"Well, just look what the sun brought out!" Finishing the barn chores, I looked up yesterday to see Fence Guy and Number Three son (I sound like Charlie Chan) unloading tools from their truck. The still-wet ground was just right for setting the corner posts in concrete. I did mention to Fence Guy that the firewood on my porch was a rescue gift from my neighbor, and asked if there was a possibility he might get around to splitting the rest of the barn oak rounds soon. Leaving Son to set the posts, Fence Guy (putting on his Tree Guy hat) checked the splitter. Of course, in the way of all things mechanical, the splitter would not start. That's not technically correct...it would start, but would not thereafter run. I'll give Tree Guy credit for giving it the old college try; he checked everything that could be checked and pulled that starter rope until I (and he) thought his arm would fall off. Evidently Number Two son is the family mechanic, and the splitter will have to wait until he gets a day off from his day job. At least it's back on the To-Do list.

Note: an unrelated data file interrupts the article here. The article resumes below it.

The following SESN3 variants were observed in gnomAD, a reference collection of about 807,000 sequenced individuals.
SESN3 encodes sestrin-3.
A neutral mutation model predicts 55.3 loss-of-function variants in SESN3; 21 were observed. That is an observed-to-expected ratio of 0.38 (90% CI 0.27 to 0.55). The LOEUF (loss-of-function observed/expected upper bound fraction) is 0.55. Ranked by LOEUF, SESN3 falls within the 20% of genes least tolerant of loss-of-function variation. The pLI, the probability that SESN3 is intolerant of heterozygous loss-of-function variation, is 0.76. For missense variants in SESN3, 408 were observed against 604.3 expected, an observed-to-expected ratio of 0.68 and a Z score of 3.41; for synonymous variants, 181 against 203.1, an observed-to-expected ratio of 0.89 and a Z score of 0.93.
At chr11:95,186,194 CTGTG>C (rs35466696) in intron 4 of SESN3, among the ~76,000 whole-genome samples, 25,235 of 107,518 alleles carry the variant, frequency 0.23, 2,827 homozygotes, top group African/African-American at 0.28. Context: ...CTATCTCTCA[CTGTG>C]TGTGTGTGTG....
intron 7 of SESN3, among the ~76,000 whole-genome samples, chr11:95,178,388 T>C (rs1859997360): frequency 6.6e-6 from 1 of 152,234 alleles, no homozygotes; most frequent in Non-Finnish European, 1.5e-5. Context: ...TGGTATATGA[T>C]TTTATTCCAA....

I am the official Fetch-It person for tools, etc., some of which are in the barn and some in the house. After the men left, I took a breather on the deck, and saw that the sun had also brought out a few bees, a good sign, and some wasps, not so welcome. The big ring-tail doves have joined the crowd under the feeding oak. Their call is much different than the mourning doves'. Quail are out in greater numbers, crying frantically for Rod-RI-go again. The time change was almost unnoticeable during the rainy days, and it was a surprise to find that sundown isn't until almost seven-thirty now. It's time to take down the barriers in the Taj and give the chicks some freedom. If chasing down one escapee was funny, trying to capture three of the speedy little boogers last night had me nearly hysterical. The nanny hens and Musashi were dithering around, getting in the way, and didn't settle down until I finally plopped the last chick into the house. The free-ranging hens have remembered the bedtime routine and come running up the slope or creeping out from under the barn when I rattle the grain bucket and they parade into their house for the night. Walking down to the goat pen, the evening was filled with the sound of the frog chorus tuning up for the symphony of spring. It isn't just the turkeys whose thoughts have turned to love in the sunshine.